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This question is taken from Saxe K -Beginning Functional Analysis.

Show that the closed unit ball in $C[0,1]$ is not compact by proving that it is not sequentially compact.

(It's assumed that we are using the uniform norm).

I've been working on this for ages but I could not come up with any sequence $\{f_n\}$ in the unit ball such that there exists $N\in \mathbb{N}$ such that for all $m,n\geq N$ we have that $d(f_n,f_m)>c$. Should be a nice example of this, please help me!

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Was the answer below helpful? –  JohnD Feb 2 '13 at 22:58
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2 Answers

Consider $f_n(t)=t^n$, $0\le t\le 1$. Then $\{f_n\} \subset \overline{B(0,1)}$ (closed unit ball), but no subsequence of $\{f_n\}$ converges in $C[0,1]$ (with the sup norm).

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This maid me think... The sequence given above is uniformly Cauchy, since for every $\epsilon >0$, there exists a $N\in \mathbb{N}$ such that $n,m>N$ implies that $sup_{x\in [0,1]}|f_n(x)-f_m(x)|<\epsilon$, hence it should be uniformly convergent, hence converge to a continuous function... But the limit equals $1$ for $x=1$ and $0$ for $x\in [0,1)$... This is what you meant with no convergent sub sequence right...? How does this make sense???? –  harajm Feb 3 '13 at 19:06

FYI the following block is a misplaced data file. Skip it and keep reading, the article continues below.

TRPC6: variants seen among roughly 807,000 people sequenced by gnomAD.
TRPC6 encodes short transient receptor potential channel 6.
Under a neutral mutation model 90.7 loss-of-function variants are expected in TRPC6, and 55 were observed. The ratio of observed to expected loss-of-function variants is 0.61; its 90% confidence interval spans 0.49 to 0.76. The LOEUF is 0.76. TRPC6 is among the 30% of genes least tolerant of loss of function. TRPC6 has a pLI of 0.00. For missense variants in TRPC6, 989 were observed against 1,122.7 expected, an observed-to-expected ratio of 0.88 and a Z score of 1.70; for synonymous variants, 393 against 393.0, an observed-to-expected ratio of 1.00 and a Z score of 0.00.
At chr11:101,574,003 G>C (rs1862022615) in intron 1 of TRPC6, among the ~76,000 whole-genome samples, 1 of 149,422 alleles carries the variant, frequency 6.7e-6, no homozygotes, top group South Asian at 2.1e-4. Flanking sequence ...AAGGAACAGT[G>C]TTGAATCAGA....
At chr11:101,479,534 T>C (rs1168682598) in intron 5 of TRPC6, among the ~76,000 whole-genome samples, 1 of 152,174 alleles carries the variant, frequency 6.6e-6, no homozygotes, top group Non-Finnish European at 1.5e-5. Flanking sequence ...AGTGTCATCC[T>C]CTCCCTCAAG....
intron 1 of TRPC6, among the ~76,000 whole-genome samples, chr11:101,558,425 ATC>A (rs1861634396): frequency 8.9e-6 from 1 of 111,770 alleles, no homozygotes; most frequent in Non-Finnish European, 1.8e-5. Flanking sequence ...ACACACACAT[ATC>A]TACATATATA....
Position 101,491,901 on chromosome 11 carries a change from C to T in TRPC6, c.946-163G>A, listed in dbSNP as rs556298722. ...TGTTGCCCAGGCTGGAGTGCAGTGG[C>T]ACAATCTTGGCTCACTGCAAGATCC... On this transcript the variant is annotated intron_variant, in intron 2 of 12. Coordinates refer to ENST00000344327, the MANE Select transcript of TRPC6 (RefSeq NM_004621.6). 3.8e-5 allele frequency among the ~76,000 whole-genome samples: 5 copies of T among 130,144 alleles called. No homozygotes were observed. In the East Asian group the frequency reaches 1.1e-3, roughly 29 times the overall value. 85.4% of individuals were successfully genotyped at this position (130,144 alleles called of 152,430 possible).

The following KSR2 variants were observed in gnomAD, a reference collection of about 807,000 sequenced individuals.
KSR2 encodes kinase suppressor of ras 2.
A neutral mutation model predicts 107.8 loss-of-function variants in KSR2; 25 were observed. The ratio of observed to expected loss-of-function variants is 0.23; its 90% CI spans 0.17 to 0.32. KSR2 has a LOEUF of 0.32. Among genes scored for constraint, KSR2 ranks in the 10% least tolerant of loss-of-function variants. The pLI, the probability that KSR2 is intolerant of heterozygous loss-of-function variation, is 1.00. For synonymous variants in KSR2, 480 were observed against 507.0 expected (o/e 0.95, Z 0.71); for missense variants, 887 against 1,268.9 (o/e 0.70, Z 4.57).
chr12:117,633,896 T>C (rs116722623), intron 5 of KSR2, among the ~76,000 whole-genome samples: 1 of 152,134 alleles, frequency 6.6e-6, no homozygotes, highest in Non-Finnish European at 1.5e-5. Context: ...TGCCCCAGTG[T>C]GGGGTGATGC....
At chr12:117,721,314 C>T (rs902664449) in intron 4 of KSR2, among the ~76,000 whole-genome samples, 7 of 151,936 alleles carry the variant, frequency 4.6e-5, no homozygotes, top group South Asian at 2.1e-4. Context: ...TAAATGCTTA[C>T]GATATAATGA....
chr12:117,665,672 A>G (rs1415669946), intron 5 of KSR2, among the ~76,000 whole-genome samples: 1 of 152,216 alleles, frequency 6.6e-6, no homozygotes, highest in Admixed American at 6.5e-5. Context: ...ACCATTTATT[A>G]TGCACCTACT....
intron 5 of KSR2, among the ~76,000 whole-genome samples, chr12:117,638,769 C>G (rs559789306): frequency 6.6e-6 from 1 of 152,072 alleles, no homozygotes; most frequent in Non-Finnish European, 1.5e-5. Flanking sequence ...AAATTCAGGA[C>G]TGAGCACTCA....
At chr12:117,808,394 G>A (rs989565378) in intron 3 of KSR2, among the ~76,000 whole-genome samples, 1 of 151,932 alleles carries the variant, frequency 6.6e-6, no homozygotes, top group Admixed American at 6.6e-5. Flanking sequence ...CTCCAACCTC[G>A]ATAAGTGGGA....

@harajm: As you say, the sequence $\{t^n\}$, $0\le t\le 1$, cannot be a uniformly convergent sequence since the uniform limit of a sequence of continuous functions is again continuous. So think about where things break down... –  JohnD Feb 3 '13 at 20:03
    
Could you please explain why it is not uniformly Cauchy???? Because for me, $n,m>N$ implies that $sup_{x\in[0,1]}|f_n(x)−f_m(x)|<\epsilon$. Could you explain why this isn't the case??? –  harajm Feb 4 '13 at 1:31
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Hint: each subsequence should converge uniformly to the pointwise limit, which is not continuous.

So take any bounded sequence in $C[0,1]$ which converges pointwise to a non-continuous function.

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